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Compare the number of scattered particles:
$N_s=Fa\int\sigma(\theta)d\Omega$
With the total number of incident particles:
$N_{in}=Fa$

Here, F is the flux of incoming beam, a the area. sigma the crossection and omega the solid angle.

Why isnt $N_s=N_{in}$? How does one define which particles are scattered and which are not, arent they all interacting with the target to some degree? Isnt particles conserved normally?

Do almost all the particles either pass right through almost undetected or are scattered signficiantly, so what we are really integrating over is a sphere surrounding the target except a spot of area $a$ where the beam exits?

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The answer may depend of the purpose for which the question is being asked. Is this a pedagogical inquiry meant to emphasize the unitarity of the process, part of a experimental design process, or something else entirely? –  dmckee Nov 12 '12 at 22:06
    
Well my book didnt define 'scattered particle', but if you say that there is no clear definition in wide use, then its OK. So I may be right that they are removing an area a then? The context is collisions in accelerators. With the definition they use then all outgoing particles are scattered. So there is some arbitrary definition of what counts as scattered normally? –  Hobo Nov 12 '12 at 22:10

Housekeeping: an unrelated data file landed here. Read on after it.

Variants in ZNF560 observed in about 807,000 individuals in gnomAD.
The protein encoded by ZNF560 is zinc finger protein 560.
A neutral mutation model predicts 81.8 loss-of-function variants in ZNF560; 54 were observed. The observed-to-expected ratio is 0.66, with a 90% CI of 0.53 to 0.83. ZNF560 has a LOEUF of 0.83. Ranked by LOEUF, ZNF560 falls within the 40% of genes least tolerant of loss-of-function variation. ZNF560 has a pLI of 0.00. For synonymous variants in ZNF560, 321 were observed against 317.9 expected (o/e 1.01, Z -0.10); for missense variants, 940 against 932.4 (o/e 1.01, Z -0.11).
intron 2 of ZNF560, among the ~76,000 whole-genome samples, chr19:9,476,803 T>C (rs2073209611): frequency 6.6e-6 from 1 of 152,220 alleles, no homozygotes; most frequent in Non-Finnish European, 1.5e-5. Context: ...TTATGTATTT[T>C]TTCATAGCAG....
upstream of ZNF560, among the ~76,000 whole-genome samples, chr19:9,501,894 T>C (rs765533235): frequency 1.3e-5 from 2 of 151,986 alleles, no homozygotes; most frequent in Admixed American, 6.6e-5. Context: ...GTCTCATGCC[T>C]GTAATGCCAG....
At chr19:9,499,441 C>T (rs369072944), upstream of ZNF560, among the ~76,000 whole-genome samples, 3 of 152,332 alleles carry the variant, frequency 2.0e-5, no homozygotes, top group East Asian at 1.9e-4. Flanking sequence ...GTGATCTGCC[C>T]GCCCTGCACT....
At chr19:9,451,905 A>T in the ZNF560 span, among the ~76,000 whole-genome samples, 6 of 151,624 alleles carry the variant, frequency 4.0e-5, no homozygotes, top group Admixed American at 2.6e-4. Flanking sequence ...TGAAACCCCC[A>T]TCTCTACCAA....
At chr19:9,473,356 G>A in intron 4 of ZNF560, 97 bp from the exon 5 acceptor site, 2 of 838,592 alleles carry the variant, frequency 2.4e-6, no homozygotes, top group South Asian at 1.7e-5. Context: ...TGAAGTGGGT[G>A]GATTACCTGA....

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1 Answer

up vote 1 down vote accepted

With the exception of stopping targets, there is going to be a portion of the beam which continues down the beam pipe (i.e. misses even the innermost elements of the detector), which would usually be counted as "unscattered" for that purpose.

In that case the integration is often over the solid angle covered by active detector elements.

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Ok, but the differential cross-section has an unequivocal definition? –  Hobo Nov 12 '12 at 22:32
    
Sure, but if the scattering angle is sufficiently small you won't see it in your detector. –  dmckee Nov 13 '12 at 0:40
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